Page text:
Nielsen identifies herself as a historian, which helps her place Keller's disability in the context of competing 19th and 20th century ideologies. She does a convincing job of describing how the "manufactured frameworks of our historical memory" prescribe a particular, politicized Keller, one that allows "dominant cultural attitudes regarding disability," gender, and the public body to remain largely unexamined (pp. 1, 128). Keller had a complicated relationship with disability. Like radicals and conservatives of her time, she fully supported the policies of the eugenic and euthanasia movements, arguing that disabled children's lives should not be sustained. In a highly publicized case in 1915, a deformed baby was allowed to die after his physician refused to operate on him. In the pages of popular newspapers and magazines, Keller defended the physician's actions against the "cowardly sentimentalism" of those who condemned him, arguing that the life of the baby was "not worth while" and that he was "almost sure to be a potential criminal" when he grew up (pp. 36-37). By 1938, however, Keller had altered her views, and she argued publicly for the life of a blind baby, declaring that the baby still had a chance to have "vision more precious than sight" since the truly disabled were those who had "eyes of ignorance" (p. 69). While Keller engaged in legislative lobbying and fund-raising as part of her agreement with the AFB, she had almost nothing else to do with disabled people or the disability movement. Throughout her life, she turned down repeated requests to speak to groups and organizations on behalf of people with disabilities. She evidently did not view herself as a member of an oppressed group, but rather as an individual who had difficulties that she was able to overcome. While this furthered the story of Keller, it actually limited the effectiveness of others to politicize disability.
With such a fascinating story to tell, it is a shame that Nielsen's book is marred at times by problems in organization, unfinished anecdotes, idiosyncratic commentary, and mechanical errors. As a historian, Nielsen's instinct is to group her topics according to consecutive years, but this gets her into trouble at times, because the subject of Keller is such a large and unwieldy one. This method leads Nielsen to bring up a number of topics that are mentioned in passing, only to be brought up many pages or even chapters later, where they may or may not receive fuller treatment. For example, it is not until Keller is nearly 60 years old, according to Nielsen's timeline, that we are told that Herbert Haas is the "household's caretaker" (p. 63). Nothing else is mentioned of him until 13 years and 40 pages later, when Nielsen informs us that Haas has died. Some of Nielsen's anecdotes are left unfinished, as when she tells us that many of Keller's associates campaigned on her behalf for the Nobel Peace Prize, but then leaves it to the reader to surmise that Keller, although nominated, did not in fact win the prize. Nielsen also often interrupts her narrative to insert intrusive comments. When discussing Keller's visit to Syria, for example, she tells us how press reports covered Keller's public lecture in great detail, with one embassy worker even counting the amount of print devoted to stories about Keller in each newspaper and magazine. But Nielsen breaks her professional tone by adding, "(Didn't this person have anything else to do?)" (p. 109). In another place she quotes from a letter Keller wrote but cannot refrain from commenting on it: "[J]ust to make sure that my 'wild, strong will' [wouldn't it be nice to know whom she was quoting?] does not run away with me. . ." (p. 77). In addition, a number of mechanical errors are scattered throughout the rest of the book: misspellings, such as "characterizcing" (p. 83), incorrect parts of speech, as in "in order to understood their words" (p. 132), and so on. While a good editor should have caught all of these mistakes, they do not overpower Nielsen's story of the intriguing political history of an icon of disability.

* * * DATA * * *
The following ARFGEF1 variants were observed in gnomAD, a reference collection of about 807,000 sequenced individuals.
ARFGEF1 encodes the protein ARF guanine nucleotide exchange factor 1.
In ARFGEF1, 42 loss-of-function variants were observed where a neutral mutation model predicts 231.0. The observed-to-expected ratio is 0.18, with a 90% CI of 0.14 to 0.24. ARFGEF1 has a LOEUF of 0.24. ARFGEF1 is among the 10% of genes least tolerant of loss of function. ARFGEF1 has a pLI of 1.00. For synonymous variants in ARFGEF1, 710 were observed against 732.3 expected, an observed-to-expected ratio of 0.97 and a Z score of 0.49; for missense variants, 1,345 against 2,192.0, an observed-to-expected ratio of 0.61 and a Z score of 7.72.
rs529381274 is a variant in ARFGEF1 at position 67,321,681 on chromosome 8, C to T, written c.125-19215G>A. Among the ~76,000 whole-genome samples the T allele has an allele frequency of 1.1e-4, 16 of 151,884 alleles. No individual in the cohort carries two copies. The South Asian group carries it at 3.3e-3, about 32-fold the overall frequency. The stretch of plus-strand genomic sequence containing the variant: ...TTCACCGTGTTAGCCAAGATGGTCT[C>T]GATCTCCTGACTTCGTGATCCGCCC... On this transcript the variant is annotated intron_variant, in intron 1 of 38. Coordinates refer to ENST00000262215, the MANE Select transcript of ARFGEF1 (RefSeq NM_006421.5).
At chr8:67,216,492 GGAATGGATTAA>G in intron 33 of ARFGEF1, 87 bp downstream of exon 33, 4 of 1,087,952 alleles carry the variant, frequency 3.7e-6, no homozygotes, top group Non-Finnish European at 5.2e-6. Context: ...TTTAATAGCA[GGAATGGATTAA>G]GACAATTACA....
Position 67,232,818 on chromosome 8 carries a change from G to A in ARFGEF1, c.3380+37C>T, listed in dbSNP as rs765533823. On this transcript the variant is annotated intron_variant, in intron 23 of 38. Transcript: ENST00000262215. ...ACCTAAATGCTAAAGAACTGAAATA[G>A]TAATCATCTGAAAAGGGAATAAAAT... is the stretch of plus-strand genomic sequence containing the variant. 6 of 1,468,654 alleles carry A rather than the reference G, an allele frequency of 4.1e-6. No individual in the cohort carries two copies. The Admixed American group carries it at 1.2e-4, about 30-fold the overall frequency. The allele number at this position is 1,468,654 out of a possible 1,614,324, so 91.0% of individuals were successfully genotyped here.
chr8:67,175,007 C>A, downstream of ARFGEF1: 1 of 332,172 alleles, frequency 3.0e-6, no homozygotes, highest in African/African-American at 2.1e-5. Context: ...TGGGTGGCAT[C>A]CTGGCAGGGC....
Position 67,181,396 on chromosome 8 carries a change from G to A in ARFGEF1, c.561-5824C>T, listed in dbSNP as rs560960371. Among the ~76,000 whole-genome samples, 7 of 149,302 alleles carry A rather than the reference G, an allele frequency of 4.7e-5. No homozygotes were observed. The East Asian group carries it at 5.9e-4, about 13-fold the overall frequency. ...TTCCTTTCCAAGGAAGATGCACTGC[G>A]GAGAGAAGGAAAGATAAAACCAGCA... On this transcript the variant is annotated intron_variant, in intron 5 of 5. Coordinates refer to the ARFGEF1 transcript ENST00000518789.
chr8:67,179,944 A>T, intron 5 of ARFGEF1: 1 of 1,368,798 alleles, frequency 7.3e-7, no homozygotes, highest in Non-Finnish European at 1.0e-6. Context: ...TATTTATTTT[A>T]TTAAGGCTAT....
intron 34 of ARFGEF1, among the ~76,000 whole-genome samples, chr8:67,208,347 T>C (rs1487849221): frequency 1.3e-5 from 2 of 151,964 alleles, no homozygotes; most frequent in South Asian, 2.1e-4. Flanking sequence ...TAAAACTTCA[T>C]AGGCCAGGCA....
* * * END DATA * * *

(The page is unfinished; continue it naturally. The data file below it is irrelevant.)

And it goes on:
Disability Studies Quarterly (DSQ) is the journal of the Society for Disability Studies (SDS). It is a multidisciplinary and international journal of interest to social scientists, scholars in the humanities and arts, disability rights advocates, and others concerned with the issues of people with disabilities. It represents the full range of methods, epistemologies, perspectives, and content that the field of disability studies embraces. DSQ is committed to developing theoretical and practical knowledge about disability and to promoting the full and equal participation of persons with disabilities in society. (ISSN: 1041-5718; eISSN: 2159-8371)